It’s being called Revolution 2.0. It was facilitated by Facebook pages that brought young Tunisians and Egyptians together, starting a national conversation and taking action. It was driven by hundreds of thousands, if not millions, of Twitter updates, which attracted the attention of the world to an evolution of a revolution.
This movement has been building up for years and you have to look at it as a step-by-step process of empowerment.
The Internet has been available in the Arab countries for nearly 15 years, but its penetration levels to almost every segment and social class only started a few years ago. With that Internet access came knowledge and communication, coinciding with the introduction of social media platforms- like Facebook, YouTube and others. It then took some time for Facebook to be Arabized, but a flood of Arabs joined immediately. The number of Facebook users in Arab countries is currently around 20 million. However, to this day, Twitter users in the Arab World are estimated to be less than 100,000, so it can’t be seriously considered a high-impact media on the populous, but what it can do is reach and mobilize the media and technology savvy Arab youth, a now highly influential segment.
For a few years, there was a lot ‘training’ and ‘testing’ involved; finding out how governments and authorities would react to opposition on the Internet. Censorship, website blocks and even turning off the Internet became expected responses, but those driving change kept raising the stakes and pushing up the levels of freedom of expression.
My friend, Wael Ghonim, played an important role in these events by starting the Facebook page ‘We are all Khalid Saeed’ – the young man brutally beaten and killed last year. Wael became a face of this revolution when he was kidnapped and jailed, and became a hero when he was released.
For all of us, who knew Wael as a regular guy, a tech and media professional like us, his disappearance caused an outrage. A massive online movement built-up online to search for him and demand his release. Tweets and Facebook updates about him were saturating social networks. Websites and blogs across the world picked them up, followed by global news organizations and then a whole wave of ‘where is Wael’ emerged that made the headline news in every country in the world. His employer, Google could no longer remain silent and had to provide comment. His release was also heavily covered.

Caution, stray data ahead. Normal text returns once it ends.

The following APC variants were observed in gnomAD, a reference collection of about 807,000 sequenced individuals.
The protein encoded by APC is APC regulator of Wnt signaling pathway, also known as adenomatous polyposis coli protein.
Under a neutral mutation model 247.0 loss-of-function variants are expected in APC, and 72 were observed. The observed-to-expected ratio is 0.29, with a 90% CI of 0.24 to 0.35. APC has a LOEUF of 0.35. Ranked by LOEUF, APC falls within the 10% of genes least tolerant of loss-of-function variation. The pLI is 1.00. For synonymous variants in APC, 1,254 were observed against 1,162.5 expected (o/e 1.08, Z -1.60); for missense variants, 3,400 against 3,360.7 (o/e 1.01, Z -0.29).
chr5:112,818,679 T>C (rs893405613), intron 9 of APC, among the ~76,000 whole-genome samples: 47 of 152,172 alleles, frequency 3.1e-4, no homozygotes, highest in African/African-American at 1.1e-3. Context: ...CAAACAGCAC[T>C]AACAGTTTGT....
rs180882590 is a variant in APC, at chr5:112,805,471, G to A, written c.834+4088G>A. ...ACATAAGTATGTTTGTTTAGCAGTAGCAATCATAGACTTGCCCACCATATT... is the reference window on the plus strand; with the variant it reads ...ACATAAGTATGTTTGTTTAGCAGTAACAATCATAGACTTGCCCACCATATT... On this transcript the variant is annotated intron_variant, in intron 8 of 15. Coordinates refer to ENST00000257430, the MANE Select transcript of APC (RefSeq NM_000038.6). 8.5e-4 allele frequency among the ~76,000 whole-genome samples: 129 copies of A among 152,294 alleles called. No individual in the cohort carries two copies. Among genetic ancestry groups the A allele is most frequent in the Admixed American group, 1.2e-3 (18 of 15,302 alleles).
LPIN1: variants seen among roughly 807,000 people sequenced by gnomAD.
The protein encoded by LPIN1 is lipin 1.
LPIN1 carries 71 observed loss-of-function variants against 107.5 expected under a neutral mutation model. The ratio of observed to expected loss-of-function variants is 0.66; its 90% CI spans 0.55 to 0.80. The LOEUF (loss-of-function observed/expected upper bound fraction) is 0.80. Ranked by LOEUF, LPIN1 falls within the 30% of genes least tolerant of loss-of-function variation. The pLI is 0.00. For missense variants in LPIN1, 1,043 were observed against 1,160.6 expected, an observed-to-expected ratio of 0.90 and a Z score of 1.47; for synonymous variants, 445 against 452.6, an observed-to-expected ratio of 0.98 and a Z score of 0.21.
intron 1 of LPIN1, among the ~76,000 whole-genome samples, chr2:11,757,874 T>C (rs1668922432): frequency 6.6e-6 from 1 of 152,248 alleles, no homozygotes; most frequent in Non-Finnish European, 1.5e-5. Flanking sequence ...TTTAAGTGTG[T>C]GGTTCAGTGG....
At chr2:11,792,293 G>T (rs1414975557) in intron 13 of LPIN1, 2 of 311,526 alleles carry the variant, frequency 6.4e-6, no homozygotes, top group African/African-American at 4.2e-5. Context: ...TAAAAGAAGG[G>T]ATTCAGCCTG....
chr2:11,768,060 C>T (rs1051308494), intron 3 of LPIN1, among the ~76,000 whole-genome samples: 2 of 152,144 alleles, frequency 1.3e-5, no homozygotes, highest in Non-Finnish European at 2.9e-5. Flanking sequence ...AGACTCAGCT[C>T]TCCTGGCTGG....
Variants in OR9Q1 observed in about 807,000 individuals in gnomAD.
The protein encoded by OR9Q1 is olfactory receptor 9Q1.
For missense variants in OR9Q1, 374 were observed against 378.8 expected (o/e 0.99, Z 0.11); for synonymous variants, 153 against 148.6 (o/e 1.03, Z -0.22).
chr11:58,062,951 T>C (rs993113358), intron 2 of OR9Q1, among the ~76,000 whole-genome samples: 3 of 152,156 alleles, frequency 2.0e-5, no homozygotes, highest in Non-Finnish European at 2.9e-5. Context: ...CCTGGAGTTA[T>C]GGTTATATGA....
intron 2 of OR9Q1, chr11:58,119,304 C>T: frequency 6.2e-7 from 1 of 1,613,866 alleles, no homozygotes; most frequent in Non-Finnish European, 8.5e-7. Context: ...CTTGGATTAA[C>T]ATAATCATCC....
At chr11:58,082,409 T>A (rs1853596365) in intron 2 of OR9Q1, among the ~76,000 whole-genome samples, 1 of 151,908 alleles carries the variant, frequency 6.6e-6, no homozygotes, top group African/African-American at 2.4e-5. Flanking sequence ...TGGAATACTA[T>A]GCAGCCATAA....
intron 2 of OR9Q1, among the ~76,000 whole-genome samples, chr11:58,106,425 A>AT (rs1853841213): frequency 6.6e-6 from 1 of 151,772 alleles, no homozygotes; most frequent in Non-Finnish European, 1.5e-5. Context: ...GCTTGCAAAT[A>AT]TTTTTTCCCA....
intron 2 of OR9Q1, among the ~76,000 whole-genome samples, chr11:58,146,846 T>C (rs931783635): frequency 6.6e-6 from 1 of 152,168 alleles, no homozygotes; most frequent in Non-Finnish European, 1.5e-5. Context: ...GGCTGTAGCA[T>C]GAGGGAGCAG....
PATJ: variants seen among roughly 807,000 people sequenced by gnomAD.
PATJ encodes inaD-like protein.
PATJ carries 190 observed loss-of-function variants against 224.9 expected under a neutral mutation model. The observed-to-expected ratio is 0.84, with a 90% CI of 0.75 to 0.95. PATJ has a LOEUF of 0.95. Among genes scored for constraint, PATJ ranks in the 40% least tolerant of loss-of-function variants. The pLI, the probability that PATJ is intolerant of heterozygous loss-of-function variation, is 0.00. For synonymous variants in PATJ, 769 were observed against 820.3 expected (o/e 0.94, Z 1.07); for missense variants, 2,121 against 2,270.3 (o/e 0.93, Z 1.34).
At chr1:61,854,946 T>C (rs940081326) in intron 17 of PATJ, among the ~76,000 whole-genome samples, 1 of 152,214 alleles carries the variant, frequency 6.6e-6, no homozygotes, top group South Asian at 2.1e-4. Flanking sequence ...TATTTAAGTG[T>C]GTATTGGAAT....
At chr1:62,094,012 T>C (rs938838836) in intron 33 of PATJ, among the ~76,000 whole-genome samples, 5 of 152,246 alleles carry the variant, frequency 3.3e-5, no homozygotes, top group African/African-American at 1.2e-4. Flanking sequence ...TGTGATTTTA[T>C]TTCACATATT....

The members of the Middle East technology and media community who ‘connected’ over the past few years through meetings at conferences or doing business together, realized that they could do so much more when ‘one of their own’ needed help.
And, every one of Wael’s Facebook and Twitter friends felt they had played their small part in the Egyptian uprising.
But, the real heroes were not the people sitting behind a keyboard tweeting! They were those who responded to the digital call for action, but reacted in the real world and put their lives in danger and got real injuries. In the end, it became clear technology, as it always has been, was nothing more than a tool in the hands of a willing people. There are no digital replacements for human sentiments and causes.
On New Year’s Eve, I was interviewed by Al Jazeera, who also spoke to other guests on a panel regarding the topic of technology and economy in the Middle East in 2011. A couple of the guests were older - and old fashioned- people who said they had lost faith in Arab youth, saying they were too busy paying attention to ‘trivial matters’.
My response was that there was already clear and encouraging movement, across the Middle East, by young entrepreneurs and activists who were driving economic and social change, creating new jobs and building a new, better future for Arab youth using tools and knowledge that previous generations did not have access to. It was probably the last thing on any of our minds that this Arab youth would be creating new political systems too!
The media can call it whatever they want: Revolution 2.0, the Digital Uprising or whatever. The reality is that millions of Arabs are thrilled, not because of the technology involved, but because it feels like ‘Awakening 1.0’.firstname.lastname@example.org
Labels: Awakening 1.0, Revolution 2.0, Wael Ghonim, Zeid Nasser